Uttlesford District Council's controversial £35m UK HQ deal with Moog: Ruling R4U administration claims 'false rumours are being spread by political agitators'
Uttlesford District Council's ruling party has defended its controversial £35m property deal with a global company that supplies weapons manufacturers and insisted: "We are not investing in the arms trade."
The council's Residents for Uttlesford (R4U) administration has been under intense scrutiny since it was revealed that a deal has been struck between UDC and Moog Inc. to fund development of the company's proposed new UK headquarters in Tewkesbury, Gloucestershire. It was exposed by Stansted parish councillor Daniel Brett, who has been monitoring the council's £300m property investment programme.
International charity Oxfam and the Campaign Against Arms Trade were both "appalled" by the council's involvement with Moog, while residents and opposition councillors have questioned UDC's ethical judgment and transparency. The council's Liberal Democrat and Green Party groups have disassociated themselves from UDC's decision.
The R4U administration, which took control of UDC at the May 2019 local elections, finally broke its silence, responding to repeated requests by the Bishop's Stortford Independent for a comment by issuing a formal statement.
Cllr Neil Hargreaves (R4U, Newport), UDC's portfolio holder for finance, claimed: "The false rumours are being spread by political agitators.
"It is difficult to understand why they are purposely choosing to misrepresent facts, although there are local [Essex County Council] elections in May.
"In addition to defaming UDC and the component manufacturer itself, they have sought to intentionally mislead the press, residents and other organisations."
He further claimed: "As part of their campaign, they have also manipulated and doctored information provided by the council in an attempt to suggest that UDC and its councillors are unfit to make these kinds of decisions. Investigations into this are ongoing. Their actions are a deliberate intent to deceive and undermine democracy for their own political reasons."
Cllr Hargreaves added: "All property investments at UDC follow a robust process. An investment board, including independent experts, help the council to create a balanced property portfolio. All 39 councillors are required to read, debate and weigh up any property purchase before taking a vote at a full council meeting. This process brings scrutiny, governance and an ethical lens to all of the council’s investment decisions."
UDC cabinet colleague Cllr Neil Reeve (R4U, Broad Oak and the Hallingburys), portfolio holder for economy, investment and corporate strategy, said: "To generate income which funds core services, councils can buy and let commercial property, and UDC is no exception.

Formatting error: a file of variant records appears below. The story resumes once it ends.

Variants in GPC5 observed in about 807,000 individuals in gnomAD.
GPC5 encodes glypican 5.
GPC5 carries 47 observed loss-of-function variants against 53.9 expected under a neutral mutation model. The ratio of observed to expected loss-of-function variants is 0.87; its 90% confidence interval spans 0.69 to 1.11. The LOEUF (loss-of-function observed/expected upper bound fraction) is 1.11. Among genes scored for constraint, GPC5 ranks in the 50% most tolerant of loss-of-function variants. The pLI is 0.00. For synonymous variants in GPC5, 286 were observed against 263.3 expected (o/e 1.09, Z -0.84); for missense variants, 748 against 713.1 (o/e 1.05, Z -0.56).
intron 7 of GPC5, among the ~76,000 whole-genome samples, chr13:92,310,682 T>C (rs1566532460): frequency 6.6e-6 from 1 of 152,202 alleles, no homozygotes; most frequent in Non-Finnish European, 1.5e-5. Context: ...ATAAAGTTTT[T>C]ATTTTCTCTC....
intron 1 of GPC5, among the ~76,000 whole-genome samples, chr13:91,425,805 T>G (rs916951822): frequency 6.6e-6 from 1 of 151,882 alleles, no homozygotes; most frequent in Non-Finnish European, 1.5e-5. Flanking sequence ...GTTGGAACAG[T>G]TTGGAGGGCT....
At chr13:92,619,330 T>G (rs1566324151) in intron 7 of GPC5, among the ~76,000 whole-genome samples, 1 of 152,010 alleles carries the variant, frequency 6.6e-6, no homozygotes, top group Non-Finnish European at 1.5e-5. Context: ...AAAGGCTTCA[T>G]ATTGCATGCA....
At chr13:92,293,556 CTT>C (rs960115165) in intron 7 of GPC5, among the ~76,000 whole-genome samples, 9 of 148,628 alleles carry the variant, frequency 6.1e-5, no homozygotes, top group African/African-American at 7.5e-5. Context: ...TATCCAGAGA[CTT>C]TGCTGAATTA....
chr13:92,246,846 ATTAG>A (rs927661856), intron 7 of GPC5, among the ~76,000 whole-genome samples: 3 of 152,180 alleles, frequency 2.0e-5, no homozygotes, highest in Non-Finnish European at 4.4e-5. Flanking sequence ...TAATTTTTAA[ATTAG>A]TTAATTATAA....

"There have been recent public statements to suggest that UDC is ‘investing in the arms trade’. This is untrue and it is not credible that a council would do so.
"These accusations revolve around one of UDC’s planned new tenants. The company in question is a 50-year-old UK engineering component manufacturer. It provides valves, hydraulic parts and control systems for many uses, including automotive, robotics, turbine/energy generation, general manufacturing, aerospace and defence applications."
Moog, founded in 1951, is a New York-based worldwide designer and manufacturer of precision components and control systems for use in missiles and military aircraft as well as in satellites, space vehicles, automated industrial machinery and marine and medical equipment. It has sales, engineering and manufacturing facilities in 26 countries, and its space products played a critical role in the landing of NASA’s Perseverance rover on Mars.
Cllr Reeve added: "Many well-established companies, such as Land Rover, Rolls Royce, Siemens and Airbus, supply our country’s defence industry and forces, but that does not make them part of the ‘arms trade’. In turn, these companies are supplied by many tens of thousands of component manufacturers, such as UDC’s planned tenant. It would be even more inaccurate to characterise these component suppliers as being ‘in the arms trade’, let alone any landlord."
UDC also issued a statement. It said: "Uttlesford District Council would like to clarify information that is circulating in relation to one of its property investments. The council’s investment is in land and a new building on a site that is outside of the district.
"Whilst the details of the investment remain commercially sensitive, and therefore confidential, at this time, the council can confirm that the tenant is a well-established engineering and manufacturing company that provides valves, hydraulics parts and control systems for a wide variety of sectors including power/energy generation, aerospace and defence.
"The company’s use of the new building, which will be owned by the council, will be as a global facility for research, development and manufacturing, specifically for the aircraft control components sector.
"Like all of the council’s investments, this investment has been through a robust process of due diligence and governance. It was considered by the cross-party investment board and approved by full council following a wide-ranging debate that took into account the full range of issues.
"The purpose of this investment is to generate income for the council in order for it to underpin core services that it provides for the community. It forms part of a £300m commercial property asset portfolio, further details of which can be found in the commercial strategy on the council website at www.uttlesford.gov.uk."